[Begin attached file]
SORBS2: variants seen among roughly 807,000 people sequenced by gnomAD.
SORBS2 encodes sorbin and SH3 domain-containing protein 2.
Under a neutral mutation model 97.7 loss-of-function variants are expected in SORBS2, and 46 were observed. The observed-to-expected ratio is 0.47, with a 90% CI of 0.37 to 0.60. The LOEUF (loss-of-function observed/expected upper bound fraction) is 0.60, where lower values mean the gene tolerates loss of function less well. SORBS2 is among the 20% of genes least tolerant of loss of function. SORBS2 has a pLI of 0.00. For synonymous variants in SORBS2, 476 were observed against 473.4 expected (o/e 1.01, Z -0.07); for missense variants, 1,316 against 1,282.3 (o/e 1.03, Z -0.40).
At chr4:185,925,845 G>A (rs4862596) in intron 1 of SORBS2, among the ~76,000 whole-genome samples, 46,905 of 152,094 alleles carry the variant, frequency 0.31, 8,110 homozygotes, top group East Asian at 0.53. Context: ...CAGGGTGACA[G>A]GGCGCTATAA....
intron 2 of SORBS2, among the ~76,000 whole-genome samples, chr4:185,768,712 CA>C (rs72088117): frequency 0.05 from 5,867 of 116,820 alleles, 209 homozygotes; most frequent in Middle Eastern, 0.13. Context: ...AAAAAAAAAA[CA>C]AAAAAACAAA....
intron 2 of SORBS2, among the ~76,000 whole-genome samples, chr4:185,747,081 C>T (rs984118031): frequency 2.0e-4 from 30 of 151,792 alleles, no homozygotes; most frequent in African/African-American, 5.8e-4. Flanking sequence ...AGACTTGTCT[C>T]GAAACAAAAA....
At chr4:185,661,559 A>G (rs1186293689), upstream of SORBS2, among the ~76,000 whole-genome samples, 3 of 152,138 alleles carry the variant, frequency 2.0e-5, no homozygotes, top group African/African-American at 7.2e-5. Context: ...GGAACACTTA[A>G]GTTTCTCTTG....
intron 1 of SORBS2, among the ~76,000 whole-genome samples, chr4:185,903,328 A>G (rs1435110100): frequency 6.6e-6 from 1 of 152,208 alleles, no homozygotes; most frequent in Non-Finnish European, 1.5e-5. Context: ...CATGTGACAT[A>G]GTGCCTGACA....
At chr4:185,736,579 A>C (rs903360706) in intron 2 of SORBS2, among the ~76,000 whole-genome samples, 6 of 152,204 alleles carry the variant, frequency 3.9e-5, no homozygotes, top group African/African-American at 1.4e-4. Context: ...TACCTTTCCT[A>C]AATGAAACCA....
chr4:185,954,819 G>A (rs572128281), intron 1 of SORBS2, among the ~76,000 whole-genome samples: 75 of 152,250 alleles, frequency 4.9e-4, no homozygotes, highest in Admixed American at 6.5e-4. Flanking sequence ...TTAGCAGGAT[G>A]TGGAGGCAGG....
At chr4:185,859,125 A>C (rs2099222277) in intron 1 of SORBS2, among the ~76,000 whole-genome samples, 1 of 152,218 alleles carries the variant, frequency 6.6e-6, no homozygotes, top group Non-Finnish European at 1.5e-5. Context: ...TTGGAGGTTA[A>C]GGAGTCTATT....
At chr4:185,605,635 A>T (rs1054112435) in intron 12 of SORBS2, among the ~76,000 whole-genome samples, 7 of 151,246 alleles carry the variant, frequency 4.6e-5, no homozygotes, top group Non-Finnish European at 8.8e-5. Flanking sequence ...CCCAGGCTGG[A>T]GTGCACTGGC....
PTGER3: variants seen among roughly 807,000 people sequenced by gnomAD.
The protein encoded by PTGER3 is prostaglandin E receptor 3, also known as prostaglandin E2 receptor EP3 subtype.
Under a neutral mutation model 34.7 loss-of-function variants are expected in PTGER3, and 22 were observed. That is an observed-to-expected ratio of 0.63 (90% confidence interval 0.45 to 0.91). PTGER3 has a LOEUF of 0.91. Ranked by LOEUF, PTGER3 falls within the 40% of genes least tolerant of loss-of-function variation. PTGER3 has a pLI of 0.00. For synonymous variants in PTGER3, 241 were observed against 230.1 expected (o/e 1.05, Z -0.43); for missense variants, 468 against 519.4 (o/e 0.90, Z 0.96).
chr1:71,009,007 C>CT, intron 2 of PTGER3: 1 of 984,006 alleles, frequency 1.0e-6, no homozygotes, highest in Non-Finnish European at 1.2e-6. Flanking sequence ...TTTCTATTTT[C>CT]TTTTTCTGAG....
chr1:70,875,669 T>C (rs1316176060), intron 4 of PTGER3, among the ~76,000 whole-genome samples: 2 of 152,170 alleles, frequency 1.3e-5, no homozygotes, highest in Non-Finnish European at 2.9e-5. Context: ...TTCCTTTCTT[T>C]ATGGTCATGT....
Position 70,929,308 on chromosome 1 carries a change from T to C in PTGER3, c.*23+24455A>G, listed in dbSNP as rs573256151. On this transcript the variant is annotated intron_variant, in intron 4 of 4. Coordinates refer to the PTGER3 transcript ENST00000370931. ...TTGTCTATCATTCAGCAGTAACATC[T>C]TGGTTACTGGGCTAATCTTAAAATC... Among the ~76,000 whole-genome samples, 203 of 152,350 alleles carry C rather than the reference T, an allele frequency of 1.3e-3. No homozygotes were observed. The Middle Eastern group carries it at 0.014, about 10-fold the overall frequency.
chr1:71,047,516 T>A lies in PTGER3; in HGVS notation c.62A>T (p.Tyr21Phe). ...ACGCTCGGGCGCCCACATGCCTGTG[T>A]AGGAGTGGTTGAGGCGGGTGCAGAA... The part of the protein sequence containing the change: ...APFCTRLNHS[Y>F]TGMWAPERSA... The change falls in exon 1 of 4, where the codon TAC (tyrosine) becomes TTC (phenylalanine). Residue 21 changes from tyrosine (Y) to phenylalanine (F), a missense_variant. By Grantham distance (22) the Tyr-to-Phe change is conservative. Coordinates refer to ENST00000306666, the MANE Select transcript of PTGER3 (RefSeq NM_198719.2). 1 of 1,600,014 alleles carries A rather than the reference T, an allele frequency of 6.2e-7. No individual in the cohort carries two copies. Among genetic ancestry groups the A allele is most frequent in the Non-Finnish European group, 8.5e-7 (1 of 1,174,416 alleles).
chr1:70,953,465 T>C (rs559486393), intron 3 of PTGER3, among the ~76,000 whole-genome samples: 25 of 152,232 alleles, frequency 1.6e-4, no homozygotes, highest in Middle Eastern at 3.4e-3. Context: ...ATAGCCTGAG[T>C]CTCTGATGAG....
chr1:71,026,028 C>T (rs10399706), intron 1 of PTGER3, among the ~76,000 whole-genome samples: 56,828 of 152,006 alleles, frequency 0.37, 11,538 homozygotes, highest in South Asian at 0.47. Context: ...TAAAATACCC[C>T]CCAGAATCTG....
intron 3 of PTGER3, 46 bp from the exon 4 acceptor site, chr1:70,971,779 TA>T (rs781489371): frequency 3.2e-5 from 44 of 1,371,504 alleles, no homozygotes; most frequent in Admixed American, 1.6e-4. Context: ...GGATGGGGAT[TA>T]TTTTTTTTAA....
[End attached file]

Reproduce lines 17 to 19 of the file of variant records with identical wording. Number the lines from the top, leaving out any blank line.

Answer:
chr1:70,875,669 T>C (rs1316176060), intron 4 of PTGER3, among the ~76,000 whole-genome samples: 2 of 152,170 alleles, frequency 1.3e-5, no homozygotes, highest in Non-Finnish European at 2.9e-5. Context: ...TTCCTTTCTT[T>C]ATGGTCATGT....
Position 70,929,308 on chromosome 1 carries a change from T to C in PTGER3, c.*23+24455A>G, listed in dbSNP as rs573256151. On this transcript the variant is annotated intron_variant, in intron 4 of 4. Coordinates refer to the PTGER3 transcript ENST00000370931. ...TTGTCTATCATTCAGCAGTAACATC[T>C]TGGTTACTGGGCTAATCTTAAAATC... Among the ~76,000 whole-genome samples, 203 of 152,350 alleles carry C rather than the reference T, an allele frequency of 1.3e-3. No homozygotes were observed. The Middle Eastern group carries it at 0.014, about 10-fold the overall frequency.
chr1:71,047,516 T>A lies in PTGER3; in HGVS notation c.62A>T (p.Tyr21Phe). ...ACGCTCGGGCGCCCACATGCCTGTG[T>A]AGGAGTGGTTGAGGCGGGTGCAGAA... The part of the protein sequence containing the change: ...APFCTRLNHS[Y>F]TGMWAPERSA... The change falls in exon 1 of 4, where the codon TAC (tyrosine) becomes TTC (phenylalanine). Residue 21 changes from tyrosine (Y) to phenylalanine (F), a missense_variant. By Grantham distance (22) the Tyr-to-Phe change is conservative. Coordinates refer to ENST00000306666, the MANE Select transcript of PTGER3 (RefSeq NM_198719.2). 1 of 1,600,014 alleles carries A rather than the reference T, an allele frequency of 6.2e-7. No individual in the cohort carries two copies. Among genetic ancestry groups the A allele is most frequent in the Non-Finnish European group, 8.5e-7 (1 of 1,174,416 alleles).